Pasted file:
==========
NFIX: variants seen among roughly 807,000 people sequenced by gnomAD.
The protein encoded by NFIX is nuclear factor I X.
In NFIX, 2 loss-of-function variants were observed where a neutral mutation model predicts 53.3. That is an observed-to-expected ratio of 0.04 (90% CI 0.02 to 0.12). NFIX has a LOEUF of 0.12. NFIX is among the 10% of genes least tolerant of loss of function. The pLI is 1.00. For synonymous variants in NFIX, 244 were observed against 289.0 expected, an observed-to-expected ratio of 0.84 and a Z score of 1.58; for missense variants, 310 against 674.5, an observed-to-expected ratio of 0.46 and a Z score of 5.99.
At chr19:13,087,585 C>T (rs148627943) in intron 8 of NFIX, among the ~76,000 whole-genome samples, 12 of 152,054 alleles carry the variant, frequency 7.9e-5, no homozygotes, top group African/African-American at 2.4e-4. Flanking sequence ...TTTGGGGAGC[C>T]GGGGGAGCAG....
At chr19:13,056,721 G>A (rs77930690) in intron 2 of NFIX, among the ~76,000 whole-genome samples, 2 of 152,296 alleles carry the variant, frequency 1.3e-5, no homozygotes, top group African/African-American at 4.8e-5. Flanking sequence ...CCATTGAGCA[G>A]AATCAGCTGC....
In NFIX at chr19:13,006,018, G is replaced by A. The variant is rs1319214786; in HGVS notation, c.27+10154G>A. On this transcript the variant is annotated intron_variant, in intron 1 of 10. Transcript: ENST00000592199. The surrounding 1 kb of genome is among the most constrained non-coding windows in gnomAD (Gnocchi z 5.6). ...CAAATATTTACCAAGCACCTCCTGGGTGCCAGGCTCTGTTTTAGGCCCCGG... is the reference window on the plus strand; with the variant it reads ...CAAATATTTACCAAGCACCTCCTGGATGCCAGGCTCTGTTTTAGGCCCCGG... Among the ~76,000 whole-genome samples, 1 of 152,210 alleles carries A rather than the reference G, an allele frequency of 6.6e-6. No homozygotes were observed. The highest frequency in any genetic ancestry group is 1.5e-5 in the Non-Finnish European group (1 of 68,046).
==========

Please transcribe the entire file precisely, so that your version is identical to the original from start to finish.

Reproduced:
NFIX: variants seen among roughly 807,000 people sequenced by gnomAD.
The protein encoded by NFIX is nuclear factor I X.
In NFIX, 2 loss-of-function variants were observed where a neutral mutation model predicts 53.3. That is an observed-to-expected ratio of 0.04 (90% CI 0.02 to 0.12). NFIX has a LOEUF of 0.12. NFIX is among the 10% of genes least tolerant of loss of function. The pLI is 1.00. For synonymous variants in NFIX, 244 were observed against 289.0 expected, an observed-to-expected ratio of 0.84 and a Z score of 1.58; for missense variants, 310 against 674.5, an observed-to-expected ratio of 0.46 and a Z score of 5.99.
At chr19:13,087,585 C>T (rs148627943) in intron 8 of NFIX, among the ~76,000 whole-genome samples, 12 of 152,054 alleles carry the variant, frequency 7.9e-5, no homozygotes, top group African/African-American at 2.4e-4. Flanking sequence ...TTTGGGGAGC[C>T]GGGGGAGCAG....
At chr19:13,056,721 G>A (rs77930690) in intron 2 of NFIX, among the ~76,000 whole-genome samples, 2 of 152,296 alleles carry the variant, frequency 1.3e-5, no homozygotes, top group African/African-American at 4.8e-5. Flanking sequence ...CCATTGAGCA[G>A]AATCAGCTGC....
In NFIX at chr19:13,006,018, G is replaced by A. The variant is rs1319214786; in HGVS notation, c.27+10154G>A. On this transcript the variant is annotated intron_variant, in intron 1 of 10. Transcript: ENST00000592199. The surrounding 1 kb of genome is among the most constrained non-coding windows in gnomAD (Gnocchi z 5.6). ...CAAATATTTACCAAGCACCTCCTGGGTGCCAGGCTCTGTTTTAGGCCCCGG... is the reference window on the plus strand; with the variant it reads ...CAAATATTTACCAAGCACCTCCTGGATGCCAGGCTCTGTTTTAGGCCCCGG... Among the ~76,000 whole-genome samples, 1 of 152,210 alleles carries A rather than the reference G, an allele frequency of 6.6e-6. No homozygotes were observed. The highest frequency in any genetic ancestry group is 1.5e-5 in the Non-Finnish European group (1 of 68,046).